The years of the Great Depression are frequently referenced when evoking feelings of turmoil, stress, and despair over economic conditions and the course of life in general. But in some ways, those who lived through the Great Depression may have enjoyed a higher quality of life than modern populations. So suggests a recent study performed at San Diego State University, in which researchers compared survey results between college students and adolescents of the Great Depression era with those of today’s younger generation. The study found that modern youths weren’t simply more likely to experience symptoms of depression, anxiety, and other mental health concerns. The results show that the young people of today are five times as likely to experience such issues as their Great Depression-era counterparts.
While the statistics-–which show that depression itself rose from one to six percent, and hypomania from five to thirty one percent, among other indicators–may seem startlingly strong to some, the study’s lead author goes so far as to suggest that the self-reported answers about mental health issue symptoms may have produced lower rates than are actually present within the modern population due to higher numbers of adolescents and young adults taking anti-depressant and other psychiatric medications.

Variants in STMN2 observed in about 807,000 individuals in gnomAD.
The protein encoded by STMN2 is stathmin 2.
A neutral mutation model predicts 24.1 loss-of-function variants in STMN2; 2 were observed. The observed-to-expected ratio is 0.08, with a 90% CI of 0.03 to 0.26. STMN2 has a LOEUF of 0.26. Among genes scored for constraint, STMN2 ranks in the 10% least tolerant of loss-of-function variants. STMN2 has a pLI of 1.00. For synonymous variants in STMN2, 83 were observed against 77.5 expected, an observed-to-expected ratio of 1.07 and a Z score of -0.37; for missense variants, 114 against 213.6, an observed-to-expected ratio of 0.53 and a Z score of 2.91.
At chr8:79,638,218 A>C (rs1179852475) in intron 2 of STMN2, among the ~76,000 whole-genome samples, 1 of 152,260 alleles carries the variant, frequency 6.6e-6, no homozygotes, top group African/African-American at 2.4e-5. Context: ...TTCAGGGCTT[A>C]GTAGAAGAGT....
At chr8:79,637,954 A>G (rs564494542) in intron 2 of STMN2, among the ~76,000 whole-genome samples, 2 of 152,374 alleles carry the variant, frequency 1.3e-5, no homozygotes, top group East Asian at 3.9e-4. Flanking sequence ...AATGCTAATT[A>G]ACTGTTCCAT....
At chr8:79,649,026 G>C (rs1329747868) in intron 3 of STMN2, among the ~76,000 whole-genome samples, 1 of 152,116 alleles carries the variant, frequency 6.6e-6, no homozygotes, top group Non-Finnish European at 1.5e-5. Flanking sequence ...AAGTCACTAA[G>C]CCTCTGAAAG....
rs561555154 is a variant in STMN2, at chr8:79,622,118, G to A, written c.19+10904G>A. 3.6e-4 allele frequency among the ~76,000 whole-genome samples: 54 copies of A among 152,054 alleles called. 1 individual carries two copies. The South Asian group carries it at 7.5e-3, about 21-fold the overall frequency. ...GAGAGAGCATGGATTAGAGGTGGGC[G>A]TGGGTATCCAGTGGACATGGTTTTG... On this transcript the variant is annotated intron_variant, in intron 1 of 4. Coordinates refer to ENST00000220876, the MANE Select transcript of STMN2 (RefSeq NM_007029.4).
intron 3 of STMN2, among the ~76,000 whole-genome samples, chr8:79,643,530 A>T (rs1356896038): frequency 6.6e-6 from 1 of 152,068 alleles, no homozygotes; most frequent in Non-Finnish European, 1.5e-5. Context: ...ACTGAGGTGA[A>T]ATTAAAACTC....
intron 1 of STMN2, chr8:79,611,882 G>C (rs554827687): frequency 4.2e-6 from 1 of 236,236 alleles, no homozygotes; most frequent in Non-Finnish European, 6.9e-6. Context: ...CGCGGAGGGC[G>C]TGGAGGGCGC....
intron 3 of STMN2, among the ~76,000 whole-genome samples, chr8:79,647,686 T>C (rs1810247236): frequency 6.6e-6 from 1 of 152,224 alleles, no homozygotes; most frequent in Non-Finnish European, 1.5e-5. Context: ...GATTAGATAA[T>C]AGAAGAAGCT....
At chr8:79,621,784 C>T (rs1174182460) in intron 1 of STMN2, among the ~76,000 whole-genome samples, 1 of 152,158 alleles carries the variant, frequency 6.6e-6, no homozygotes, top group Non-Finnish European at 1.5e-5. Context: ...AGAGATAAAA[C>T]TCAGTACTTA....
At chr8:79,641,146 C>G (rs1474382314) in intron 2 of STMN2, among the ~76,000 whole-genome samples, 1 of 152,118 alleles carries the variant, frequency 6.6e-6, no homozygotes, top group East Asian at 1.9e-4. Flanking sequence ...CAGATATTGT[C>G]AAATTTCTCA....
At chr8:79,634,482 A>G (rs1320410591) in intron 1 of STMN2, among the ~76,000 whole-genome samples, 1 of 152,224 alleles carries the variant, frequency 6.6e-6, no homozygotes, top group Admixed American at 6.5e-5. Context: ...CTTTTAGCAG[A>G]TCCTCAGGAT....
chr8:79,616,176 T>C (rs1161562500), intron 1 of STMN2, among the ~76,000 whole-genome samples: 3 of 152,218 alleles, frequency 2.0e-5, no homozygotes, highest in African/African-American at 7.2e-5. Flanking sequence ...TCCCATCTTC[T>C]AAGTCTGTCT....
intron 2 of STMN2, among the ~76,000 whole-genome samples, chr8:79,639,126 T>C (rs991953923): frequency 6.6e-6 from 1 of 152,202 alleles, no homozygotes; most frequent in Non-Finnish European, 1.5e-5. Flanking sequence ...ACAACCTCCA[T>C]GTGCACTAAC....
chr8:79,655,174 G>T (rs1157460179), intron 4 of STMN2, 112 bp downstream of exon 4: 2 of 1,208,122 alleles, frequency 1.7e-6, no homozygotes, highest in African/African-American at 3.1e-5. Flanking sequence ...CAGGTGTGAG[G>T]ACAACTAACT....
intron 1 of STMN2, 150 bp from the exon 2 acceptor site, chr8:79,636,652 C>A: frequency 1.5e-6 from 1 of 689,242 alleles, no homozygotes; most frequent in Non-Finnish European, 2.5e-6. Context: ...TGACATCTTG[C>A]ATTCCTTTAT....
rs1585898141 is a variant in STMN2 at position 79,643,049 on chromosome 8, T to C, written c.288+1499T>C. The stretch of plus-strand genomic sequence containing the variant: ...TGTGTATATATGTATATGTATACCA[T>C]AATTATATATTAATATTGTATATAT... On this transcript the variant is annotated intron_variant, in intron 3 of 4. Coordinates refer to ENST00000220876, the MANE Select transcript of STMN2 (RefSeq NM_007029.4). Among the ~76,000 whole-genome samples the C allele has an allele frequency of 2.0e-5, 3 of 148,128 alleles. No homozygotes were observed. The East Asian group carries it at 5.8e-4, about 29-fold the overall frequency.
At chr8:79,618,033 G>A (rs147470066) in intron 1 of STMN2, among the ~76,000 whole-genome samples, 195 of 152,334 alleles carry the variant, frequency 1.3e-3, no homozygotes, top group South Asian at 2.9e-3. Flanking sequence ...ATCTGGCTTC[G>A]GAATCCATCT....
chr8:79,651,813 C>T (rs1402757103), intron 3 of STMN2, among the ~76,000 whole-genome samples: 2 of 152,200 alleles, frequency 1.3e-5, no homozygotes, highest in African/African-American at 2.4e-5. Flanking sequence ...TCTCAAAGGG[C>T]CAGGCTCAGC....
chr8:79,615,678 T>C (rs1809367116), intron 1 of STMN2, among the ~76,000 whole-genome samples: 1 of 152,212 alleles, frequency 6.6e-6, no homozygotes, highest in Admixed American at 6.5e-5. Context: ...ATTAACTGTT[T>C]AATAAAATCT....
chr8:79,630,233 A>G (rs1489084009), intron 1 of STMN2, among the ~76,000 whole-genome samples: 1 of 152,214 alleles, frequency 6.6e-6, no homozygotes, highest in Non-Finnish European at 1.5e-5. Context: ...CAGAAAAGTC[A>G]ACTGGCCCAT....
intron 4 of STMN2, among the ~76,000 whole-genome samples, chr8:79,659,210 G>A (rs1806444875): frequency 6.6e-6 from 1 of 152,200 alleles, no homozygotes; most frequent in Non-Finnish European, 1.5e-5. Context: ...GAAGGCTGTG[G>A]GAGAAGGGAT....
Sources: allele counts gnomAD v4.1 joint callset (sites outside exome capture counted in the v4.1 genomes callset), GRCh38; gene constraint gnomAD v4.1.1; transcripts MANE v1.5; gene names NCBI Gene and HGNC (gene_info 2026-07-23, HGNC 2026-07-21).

Mental health professionals, educators, parents, and young people themselves are of course interested in discovering precisely why the rise has been so dramatic, though many suspect that increased expectations among youth, higher focus on financial success, and increased dependency on parents during childhood may be to blame. The study helps to make the case for the involvement of complex and long-term personal factors in the development of mental health concerns rather than a simple correlation with the state of the economy.
© Copyright 2010 by By Noah Rubinstein, LMFT, LMHC, therapist in Olympia, Washington. All Rights Reserved. Permission to publish granted to GoodTherapy.org.
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